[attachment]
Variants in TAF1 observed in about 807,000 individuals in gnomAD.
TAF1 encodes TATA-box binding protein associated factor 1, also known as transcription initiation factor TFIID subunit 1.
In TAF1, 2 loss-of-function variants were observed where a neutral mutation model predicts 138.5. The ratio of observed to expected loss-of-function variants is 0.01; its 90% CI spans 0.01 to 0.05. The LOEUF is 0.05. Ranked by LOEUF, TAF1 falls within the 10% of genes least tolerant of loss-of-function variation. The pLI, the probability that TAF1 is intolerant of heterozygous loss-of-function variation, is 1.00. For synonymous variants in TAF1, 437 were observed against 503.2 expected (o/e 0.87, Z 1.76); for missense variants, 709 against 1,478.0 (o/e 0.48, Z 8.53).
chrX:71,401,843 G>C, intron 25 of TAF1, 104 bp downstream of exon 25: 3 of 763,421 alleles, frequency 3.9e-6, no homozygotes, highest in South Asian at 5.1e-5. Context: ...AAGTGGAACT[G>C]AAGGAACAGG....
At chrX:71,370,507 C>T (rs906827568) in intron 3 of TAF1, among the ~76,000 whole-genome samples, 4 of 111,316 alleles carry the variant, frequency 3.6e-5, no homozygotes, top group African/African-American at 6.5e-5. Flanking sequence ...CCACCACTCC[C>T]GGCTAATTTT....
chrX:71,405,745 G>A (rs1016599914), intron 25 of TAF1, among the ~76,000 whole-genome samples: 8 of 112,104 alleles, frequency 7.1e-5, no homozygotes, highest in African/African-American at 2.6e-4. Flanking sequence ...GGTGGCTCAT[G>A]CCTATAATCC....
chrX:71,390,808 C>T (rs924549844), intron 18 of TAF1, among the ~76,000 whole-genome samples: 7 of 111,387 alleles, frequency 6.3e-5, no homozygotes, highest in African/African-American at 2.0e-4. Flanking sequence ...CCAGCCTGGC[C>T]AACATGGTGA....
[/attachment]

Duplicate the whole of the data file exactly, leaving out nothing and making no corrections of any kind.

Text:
Variants in TAF1 observed in about 807,000 individuals in gnomAD.
TAF1 encodes TATA-box binding protein associated factor 1, also known as transcription initiation factor TFIID subunit 1.
In TAF1, 2 loss-of-function variants were observed where a neutral mutation model predicts 138.5. The ratio of observed to expected loss-of-function variants is 0.01; its 90% CI spans 0.01 to 0.05. The LOEUF is 0.05. Ranked by LOEUF, TAF1 falls within the 10% of genes least tolerant of loss-of-function variation. The pLI, the probability that TAF1 is intolerant of heterozygous loss-of-function variation, is 1.00. For synonymous variants in TAF1, 437 were observed against 503.2 expected (o/e 0.87, Z 1.76); for missense variants, 709 against 1,478.0 (o/e 0.48, Z 8.53).
chrX:71,401,843 G>C, intron 25 of TAF1, 104 bp downstream of exon 25: 3 of 763,421 alleles, frequency 3.9e-6, no homozygotes, highest in South Asian at 5.1e-5. Context: ...AAGTGGAACT[G>C]AAGGAACAGG....
At chrX:71,370,507 C>T (rs906827568) in intron 3 of TAF1, among the ~76,000 whole-genome samples, 4 of 111,316 alleles carry the variant, frequency 3.6e-5, no homozygotes, top group African/African-American at 6.5e-5. Flanking sequence ...CCACCACTCC[C>T]GGCTAATTTT....
chrX:71,405,745 G>A (rs1016599914), intron 25 of TAF1, among the ~76,000 whole-genome samples: 8 of 112,104 alleles, frequency 7.1e-5, no homozygotes, highest in African/African-American at 2.6e-4. Flanking sequence ...GGTGGCTCAT[G>A]CCTATAATCC....
chrX:71,390,808 C>T (rs924549844), intron 18 of TAF1, among the ~76,000 whole-genome samples: 7 of 111,387 alleles, frequency 6.3e-5, no homozygotes, highest in African/African-American at 2.0e-4. Flanking sequence ...CCAGCCTGGC[C>T]AACATGGTGA....